Text by Anastasio Koukoutas
It all started with the promise of freedom and self-actualisation. Artists became symbols of people who are led by vocation, a sort of divine calling to serve a creativity impulse, a rare gift to perceive work as more than “just a job.” Artistic experiments rarely happen for the love of it or just for the fun of it; we soon realised that love and fun actually meant unpaid labour, the constant chase for funding and the pressure of (i.e., lack of) time. Funding became not just a prerequisite for the realization of any artistic project, but has framed our creativity in order to serve the production modalities of institutional programming. However, the resulting paradox is a surplus and not a lack of creativity.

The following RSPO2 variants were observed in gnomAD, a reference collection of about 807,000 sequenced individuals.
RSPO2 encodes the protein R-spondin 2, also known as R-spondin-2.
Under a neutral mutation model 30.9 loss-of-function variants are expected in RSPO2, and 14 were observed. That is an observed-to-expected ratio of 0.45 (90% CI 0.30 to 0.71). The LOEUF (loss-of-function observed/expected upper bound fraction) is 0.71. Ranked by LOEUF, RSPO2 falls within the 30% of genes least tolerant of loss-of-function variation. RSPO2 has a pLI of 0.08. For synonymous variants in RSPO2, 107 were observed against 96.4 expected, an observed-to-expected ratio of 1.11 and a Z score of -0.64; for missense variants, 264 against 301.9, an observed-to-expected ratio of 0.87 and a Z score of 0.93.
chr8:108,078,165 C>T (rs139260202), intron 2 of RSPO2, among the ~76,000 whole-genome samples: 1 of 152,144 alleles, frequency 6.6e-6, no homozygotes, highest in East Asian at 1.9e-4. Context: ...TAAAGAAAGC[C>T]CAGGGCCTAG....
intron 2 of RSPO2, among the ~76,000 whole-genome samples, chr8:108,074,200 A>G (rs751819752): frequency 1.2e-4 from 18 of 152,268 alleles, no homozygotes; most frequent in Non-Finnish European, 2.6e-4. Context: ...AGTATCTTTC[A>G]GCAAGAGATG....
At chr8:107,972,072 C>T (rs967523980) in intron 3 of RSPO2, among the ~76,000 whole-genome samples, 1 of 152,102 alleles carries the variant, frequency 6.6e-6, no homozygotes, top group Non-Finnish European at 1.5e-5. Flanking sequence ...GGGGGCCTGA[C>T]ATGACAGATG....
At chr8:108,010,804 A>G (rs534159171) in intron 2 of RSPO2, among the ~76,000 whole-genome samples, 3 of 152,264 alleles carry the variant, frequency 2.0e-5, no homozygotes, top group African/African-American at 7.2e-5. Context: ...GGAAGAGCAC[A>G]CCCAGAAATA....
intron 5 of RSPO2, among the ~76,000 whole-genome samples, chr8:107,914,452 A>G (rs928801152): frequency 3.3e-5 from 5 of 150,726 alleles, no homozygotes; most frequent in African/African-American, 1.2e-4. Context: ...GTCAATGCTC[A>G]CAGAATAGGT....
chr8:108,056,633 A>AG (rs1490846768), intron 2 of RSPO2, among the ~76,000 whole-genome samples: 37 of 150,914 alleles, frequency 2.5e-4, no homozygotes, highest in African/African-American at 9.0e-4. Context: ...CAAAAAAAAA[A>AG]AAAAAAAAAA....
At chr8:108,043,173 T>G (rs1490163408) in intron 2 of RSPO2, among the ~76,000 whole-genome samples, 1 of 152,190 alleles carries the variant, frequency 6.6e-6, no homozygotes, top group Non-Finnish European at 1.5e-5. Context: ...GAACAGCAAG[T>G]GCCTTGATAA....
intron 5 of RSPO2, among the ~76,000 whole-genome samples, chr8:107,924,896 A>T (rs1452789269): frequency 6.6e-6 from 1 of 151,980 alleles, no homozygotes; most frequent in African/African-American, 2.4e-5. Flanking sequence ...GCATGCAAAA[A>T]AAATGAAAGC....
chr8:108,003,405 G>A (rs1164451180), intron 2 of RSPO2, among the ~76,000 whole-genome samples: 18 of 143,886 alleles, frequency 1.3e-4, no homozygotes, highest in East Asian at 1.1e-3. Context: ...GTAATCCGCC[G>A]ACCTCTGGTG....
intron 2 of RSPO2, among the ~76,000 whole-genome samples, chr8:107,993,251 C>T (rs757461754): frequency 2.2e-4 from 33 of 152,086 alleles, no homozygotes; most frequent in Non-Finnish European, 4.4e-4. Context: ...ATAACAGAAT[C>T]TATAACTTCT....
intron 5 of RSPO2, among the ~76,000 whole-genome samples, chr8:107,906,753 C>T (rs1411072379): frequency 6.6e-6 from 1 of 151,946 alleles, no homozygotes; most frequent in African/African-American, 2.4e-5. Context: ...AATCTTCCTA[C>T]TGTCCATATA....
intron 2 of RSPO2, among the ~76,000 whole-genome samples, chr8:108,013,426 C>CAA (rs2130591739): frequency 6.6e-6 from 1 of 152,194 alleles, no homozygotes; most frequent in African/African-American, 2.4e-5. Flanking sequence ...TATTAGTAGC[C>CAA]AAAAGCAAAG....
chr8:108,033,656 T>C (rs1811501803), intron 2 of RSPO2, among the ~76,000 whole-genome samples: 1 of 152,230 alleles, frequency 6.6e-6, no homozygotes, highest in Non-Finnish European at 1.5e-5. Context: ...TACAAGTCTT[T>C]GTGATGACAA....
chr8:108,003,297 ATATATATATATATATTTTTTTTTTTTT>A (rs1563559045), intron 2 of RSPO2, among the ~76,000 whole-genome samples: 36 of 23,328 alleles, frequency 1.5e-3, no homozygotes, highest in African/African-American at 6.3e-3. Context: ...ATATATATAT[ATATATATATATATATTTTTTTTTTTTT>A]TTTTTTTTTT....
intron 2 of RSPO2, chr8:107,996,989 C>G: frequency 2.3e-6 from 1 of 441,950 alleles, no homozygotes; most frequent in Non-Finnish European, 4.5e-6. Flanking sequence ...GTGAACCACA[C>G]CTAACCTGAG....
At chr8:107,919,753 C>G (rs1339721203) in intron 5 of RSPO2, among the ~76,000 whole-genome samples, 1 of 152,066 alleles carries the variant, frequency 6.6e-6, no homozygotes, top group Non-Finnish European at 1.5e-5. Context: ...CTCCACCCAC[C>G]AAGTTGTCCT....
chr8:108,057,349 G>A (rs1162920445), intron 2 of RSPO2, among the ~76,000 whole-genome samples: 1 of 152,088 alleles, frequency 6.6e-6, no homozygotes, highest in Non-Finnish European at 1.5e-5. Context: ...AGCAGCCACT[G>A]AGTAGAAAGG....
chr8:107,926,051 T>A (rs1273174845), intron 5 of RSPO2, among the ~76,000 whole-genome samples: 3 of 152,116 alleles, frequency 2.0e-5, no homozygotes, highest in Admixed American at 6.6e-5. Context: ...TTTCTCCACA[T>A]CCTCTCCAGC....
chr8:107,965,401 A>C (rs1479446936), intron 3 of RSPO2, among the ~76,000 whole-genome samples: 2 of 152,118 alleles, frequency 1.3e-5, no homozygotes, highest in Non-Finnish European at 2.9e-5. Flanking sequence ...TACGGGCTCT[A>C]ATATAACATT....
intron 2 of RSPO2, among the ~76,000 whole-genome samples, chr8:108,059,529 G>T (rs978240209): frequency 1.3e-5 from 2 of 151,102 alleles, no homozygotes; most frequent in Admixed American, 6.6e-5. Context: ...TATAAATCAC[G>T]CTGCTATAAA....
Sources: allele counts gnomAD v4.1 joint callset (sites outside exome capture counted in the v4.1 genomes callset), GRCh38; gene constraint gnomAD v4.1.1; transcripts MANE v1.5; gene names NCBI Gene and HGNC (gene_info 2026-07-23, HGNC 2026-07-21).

In capitalist creative economy, ideas count as money but will not always be renumerated for the value they create, or for eventually becoming a source of income. On the contrary, many ideas live a short life, we could say that they "die unfunded." What is true, is that cultural work has become a paradigmatic case of the new labour conditions in the industry; the workers of creative-artistic sectors are now accustomed to give up their ideas once rejected by a funding committee, sometimes without even going through the experience of grief and effectively dealing with the acceptance of loss. A cemetery of artistic ideas lies next to every artistic career, a wasteland of projects which are abandoned with the imperative to carry on making, propose new ideas, circulate the "endless" opportunities art institutions have to offer, make their name known, die like a bee in the art market.